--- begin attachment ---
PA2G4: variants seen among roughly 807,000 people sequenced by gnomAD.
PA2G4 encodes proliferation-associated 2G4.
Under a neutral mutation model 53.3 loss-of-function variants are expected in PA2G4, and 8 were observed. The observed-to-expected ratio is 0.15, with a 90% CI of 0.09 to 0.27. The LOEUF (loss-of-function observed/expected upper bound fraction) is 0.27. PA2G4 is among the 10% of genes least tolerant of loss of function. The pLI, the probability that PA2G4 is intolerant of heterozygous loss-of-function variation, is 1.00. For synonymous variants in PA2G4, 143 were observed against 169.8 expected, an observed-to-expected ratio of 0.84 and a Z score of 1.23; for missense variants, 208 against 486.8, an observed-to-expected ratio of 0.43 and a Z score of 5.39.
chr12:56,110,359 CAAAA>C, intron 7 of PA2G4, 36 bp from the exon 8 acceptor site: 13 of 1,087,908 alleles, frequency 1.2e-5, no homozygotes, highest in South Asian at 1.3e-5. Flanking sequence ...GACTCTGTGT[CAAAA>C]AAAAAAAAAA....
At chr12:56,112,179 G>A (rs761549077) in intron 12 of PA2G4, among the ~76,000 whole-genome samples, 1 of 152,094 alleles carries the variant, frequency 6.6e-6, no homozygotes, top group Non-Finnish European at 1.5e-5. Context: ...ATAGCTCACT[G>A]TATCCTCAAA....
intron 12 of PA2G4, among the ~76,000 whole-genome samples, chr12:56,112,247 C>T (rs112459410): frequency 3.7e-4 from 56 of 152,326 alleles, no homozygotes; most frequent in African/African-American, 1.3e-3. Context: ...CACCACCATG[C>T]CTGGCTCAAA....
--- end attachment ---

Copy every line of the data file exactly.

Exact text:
PA2G4: variants seen among roughly 807,000 people sequenced by gnomAD.
PA2G4 encodes proliferation-associated 2G4.
Under a neutral mutation model 53.3 loss-of-function variants are expected in PA2G4, and 8 were observed. The observed-to-expected ratio is 0.15, with a 90% CI of 0.09 to 0.27. The LOEUF (loss-of-function observed/expected upper bound fraction) is 0.27. PA2G4 is among the 10% of genes least tolerant of loss of function. The pLI, the probability that PA2G4 is intolerant of heterozygous loss-of-function variation, is 1.00. For synonymous variants in PA2G4, 143 were observed against 169.8 expected, an observed-to-expected ratio of 0.84 and a Z score of 1.23; for missense variants, 208 against 486.8, an observed-to-expected ratio of 0.43 and a Z score of 5.39.
chr12:56,110,359 CAAAA>C, intron 7 of PA2G4, 36 bp from the exon 8 acceptor site: 13 of 1,087,908 alleles, frequency 1.2e-5, no homozygotes, highest in South Asian at 1.3e-5. Flanking sequence ...GACTCTGTGT[CAAAA>C]AAAAAAAAAA....
At chr12:56,112,179 G>A (rs761549077) in intron 12 of PA2G4, among the ~76,000 whole-genome samples, 1 of 152,094 alleles carries the variant, frequency 6.6e-6, no homozygotes, top group Non-Finnish European at 1.5e-5. Context: ...ATAGCTCACT[G>A]TATCCTCAAA....
intron 12 of PA2G4, among the ~76,000 whole-genome samples, chr12:56,112,247 C>T (rs112459410): frequency 3.7e-4 from 56 of 152,326 alleles, no homozygotes; most frequent in African/African-American, 1.3e-3. Context: ...CACCACCATG[C>T]CTGGCTCAAA....